Instant messaging spam attacks

A problem that has been around for a while is that of instant messenger spam. The impact it has on a victim is only worsened by the fact that one’s friends and family are also affected.

Spam is a persistent problem and so long as it’s profitable for nefarious characters then it will continue to be an endemic feature of e-mail. Security companies all warn of the pitfalls associated with being ‘duped’ by phishing attacks and malware download attacks and that they can be detrimental to one’s well being. But when these cyber-assaults come in a form that have not been previously seen or acknowledged to the same degree of mail-bourne attacks then the frequency of victims does dramatically increase.

For the past couple of weeks while connected to a well known instant messaging service I’ve been barraged with chat messages from (seemingly) numerous people offering to be a friends or indeed claiming to be long lost acquaintances. The messages delivered contain the usual drivel intended to entice an unsuspecting victim to a phishing site, or a location that hosts malware.

“Hi,It’s jemma here …. “

Another fantastic example is websites that supposedly inform a user which of his friends has blocked/ignored them on their list. This information supposedly allows you to determine which of your friends currently doesn’t want to speak to you! Wow, nice feature, eh?

 An example of MSN spam

In addition to these requests I was being messaged by a friend already on my contact list. She would appear online, send the the message and then depart to the real world once again. Odd behaviour, no? This is typical behaviour found in some malware that actively try to infect other systems by playing on the user’s trust. This link is a Pandora’s Box. The notorious features of this malware then make you a danger to those you hold dear, your family and friends.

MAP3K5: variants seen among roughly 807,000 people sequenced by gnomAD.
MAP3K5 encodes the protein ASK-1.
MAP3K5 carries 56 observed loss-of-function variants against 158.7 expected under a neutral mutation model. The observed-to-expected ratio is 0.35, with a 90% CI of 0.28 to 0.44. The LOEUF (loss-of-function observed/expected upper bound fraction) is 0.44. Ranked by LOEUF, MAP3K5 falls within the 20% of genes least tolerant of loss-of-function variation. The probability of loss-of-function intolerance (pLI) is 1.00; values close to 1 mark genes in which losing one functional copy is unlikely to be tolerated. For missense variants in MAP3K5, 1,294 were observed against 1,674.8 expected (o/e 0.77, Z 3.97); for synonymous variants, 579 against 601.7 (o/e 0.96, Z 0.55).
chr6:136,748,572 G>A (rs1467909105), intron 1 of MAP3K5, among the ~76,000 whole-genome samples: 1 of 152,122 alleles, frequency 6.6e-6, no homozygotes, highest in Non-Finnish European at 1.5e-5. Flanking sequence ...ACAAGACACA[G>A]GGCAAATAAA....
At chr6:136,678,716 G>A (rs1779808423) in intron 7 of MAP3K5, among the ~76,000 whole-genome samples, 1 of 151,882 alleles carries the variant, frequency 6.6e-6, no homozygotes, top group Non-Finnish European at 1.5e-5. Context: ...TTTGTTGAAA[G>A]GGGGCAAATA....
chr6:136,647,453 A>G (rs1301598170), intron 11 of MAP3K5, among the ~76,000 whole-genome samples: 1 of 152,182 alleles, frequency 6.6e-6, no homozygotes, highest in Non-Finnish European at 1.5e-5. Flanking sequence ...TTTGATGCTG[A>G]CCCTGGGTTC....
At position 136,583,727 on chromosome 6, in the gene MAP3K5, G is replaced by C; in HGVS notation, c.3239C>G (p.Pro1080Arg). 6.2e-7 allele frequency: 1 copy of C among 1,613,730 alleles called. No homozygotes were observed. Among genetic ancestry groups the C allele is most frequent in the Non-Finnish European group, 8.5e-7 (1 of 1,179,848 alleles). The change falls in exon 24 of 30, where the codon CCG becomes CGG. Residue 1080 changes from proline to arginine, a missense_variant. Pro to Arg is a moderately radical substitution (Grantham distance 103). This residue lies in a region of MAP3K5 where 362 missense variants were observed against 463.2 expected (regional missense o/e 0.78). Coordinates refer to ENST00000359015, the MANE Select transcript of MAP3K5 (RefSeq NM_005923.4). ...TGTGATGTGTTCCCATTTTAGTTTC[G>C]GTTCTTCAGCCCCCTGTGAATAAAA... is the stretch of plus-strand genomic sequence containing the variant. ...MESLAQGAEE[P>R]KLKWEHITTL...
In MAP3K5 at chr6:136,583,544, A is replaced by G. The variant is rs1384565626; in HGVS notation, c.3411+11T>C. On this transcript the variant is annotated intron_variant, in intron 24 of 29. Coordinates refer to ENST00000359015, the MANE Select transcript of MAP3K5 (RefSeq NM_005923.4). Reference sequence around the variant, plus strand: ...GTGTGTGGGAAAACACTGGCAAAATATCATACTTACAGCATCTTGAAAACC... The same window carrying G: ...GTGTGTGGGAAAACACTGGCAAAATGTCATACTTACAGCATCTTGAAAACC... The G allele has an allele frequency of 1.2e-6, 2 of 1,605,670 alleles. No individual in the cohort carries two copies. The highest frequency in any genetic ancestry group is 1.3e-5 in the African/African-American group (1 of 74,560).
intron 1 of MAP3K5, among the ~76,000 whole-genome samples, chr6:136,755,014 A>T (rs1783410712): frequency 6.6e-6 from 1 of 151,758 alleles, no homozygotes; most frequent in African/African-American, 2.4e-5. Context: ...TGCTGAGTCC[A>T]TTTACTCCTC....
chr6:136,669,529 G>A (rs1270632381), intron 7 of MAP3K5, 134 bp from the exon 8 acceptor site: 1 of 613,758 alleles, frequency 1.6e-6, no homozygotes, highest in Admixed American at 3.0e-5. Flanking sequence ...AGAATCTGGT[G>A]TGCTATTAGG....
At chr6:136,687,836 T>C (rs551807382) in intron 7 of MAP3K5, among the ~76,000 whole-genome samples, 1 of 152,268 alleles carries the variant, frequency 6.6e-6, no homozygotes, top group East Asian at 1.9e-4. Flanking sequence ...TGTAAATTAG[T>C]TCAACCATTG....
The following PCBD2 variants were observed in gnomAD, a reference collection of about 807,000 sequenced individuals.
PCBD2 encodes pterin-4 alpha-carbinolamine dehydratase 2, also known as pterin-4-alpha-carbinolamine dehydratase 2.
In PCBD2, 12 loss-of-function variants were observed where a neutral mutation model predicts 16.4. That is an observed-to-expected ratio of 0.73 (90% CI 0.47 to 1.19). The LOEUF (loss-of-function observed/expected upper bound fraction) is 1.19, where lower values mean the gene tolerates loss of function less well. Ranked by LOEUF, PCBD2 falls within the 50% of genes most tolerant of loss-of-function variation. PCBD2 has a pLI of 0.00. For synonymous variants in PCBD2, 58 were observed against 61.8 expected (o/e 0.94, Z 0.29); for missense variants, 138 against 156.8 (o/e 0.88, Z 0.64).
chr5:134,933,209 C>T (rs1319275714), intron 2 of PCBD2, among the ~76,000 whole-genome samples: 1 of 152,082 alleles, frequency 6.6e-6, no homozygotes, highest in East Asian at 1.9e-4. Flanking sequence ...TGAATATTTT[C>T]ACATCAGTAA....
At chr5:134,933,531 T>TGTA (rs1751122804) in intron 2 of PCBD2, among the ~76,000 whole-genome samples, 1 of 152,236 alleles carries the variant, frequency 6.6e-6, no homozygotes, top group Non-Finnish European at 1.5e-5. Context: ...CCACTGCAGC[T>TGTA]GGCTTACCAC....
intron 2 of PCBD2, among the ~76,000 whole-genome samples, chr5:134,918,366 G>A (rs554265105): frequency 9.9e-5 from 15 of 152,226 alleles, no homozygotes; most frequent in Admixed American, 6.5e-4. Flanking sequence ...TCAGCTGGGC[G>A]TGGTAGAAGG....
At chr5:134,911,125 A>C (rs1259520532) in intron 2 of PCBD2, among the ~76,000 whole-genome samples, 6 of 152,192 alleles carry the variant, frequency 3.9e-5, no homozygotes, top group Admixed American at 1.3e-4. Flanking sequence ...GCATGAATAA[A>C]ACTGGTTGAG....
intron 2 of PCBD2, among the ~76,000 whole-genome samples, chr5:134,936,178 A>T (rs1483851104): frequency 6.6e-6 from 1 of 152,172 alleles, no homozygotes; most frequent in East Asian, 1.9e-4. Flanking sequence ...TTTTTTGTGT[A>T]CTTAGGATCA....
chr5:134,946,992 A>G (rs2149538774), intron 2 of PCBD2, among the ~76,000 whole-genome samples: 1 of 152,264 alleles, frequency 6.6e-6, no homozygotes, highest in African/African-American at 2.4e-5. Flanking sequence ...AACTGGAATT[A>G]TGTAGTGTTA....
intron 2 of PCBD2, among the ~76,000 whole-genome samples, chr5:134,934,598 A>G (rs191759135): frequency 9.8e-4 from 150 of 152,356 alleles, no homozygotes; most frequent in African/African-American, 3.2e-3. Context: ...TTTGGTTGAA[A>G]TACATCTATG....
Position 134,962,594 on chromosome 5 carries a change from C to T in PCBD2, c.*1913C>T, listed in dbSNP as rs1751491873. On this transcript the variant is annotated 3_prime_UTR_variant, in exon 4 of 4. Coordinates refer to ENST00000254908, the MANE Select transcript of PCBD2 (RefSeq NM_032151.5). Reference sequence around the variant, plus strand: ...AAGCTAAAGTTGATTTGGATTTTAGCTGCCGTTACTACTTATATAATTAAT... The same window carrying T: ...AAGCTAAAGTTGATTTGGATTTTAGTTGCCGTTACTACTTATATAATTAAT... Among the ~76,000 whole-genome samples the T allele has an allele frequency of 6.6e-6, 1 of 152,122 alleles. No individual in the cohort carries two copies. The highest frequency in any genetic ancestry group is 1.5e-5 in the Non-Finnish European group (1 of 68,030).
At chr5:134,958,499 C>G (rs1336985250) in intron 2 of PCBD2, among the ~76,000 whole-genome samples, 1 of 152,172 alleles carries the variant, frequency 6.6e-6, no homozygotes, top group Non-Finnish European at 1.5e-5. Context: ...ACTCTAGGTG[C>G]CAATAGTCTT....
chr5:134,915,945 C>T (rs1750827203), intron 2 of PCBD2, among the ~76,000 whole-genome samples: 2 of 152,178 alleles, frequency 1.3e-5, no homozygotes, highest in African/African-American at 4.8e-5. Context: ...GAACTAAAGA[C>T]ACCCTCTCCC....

Now, while this may be returning to well-trodden ground, as with the majority of warnings, it must be highlighted that these types of attack are designed to catch people off guard or fool the less internet savvy ones among us into installing software or divulging sensitive information. Obvious things are only obvious when you know how to do them and this is definitely the case for spam: The Egg of Columbus [1].

So again, in summary, the message here must be vigilance. It seems that a large proportion of my blog entries are orientated towards this wonderful buzz word; the reason being that small quantities of it can save many headaches. The result of awareness means that instant messaging attacks will not be profitable for the hoodlums in the world and therefore will not become as much of a problem as e-mail spam.